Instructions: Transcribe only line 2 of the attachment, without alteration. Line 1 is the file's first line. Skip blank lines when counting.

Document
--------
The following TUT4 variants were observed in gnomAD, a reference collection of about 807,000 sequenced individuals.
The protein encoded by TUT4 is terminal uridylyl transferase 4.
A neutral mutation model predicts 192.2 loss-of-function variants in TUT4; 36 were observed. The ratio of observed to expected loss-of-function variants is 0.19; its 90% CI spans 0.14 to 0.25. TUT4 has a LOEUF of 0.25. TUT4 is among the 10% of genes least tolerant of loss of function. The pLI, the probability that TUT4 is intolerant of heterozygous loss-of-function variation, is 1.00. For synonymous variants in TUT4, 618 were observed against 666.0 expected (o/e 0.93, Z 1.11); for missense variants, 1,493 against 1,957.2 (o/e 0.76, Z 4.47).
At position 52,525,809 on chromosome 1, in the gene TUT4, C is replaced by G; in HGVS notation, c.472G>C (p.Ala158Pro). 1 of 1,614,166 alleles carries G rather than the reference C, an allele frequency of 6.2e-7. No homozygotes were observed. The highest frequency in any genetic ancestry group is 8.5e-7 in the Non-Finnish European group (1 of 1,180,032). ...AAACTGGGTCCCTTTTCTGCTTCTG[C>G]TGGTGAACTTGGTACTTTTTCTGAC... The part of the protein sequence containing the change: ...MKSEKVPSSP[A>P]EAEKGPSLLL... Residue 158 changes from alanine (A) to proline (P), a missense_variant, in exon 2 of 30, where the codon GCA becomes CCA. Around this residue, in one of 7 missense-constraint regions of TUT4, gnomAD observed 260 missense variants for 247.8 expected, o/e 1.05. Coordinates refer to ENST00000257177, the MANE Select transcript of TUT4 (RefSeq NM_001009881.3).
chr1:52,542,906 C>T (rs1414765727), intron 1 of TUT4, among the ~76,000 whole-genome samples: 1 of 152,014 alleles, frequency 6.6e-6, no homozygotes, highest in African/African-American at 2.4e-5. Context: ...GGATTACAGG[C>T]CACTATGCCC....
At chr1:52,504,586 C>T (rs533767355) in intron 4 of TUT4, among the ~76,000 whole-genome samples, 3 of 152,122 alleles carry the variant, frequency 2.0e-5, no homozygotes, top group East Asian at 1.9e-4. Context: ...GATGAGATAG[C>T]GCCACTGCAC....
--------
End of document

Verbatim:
The protein encoded by TUT4 is terminal uridylyl transferase 4.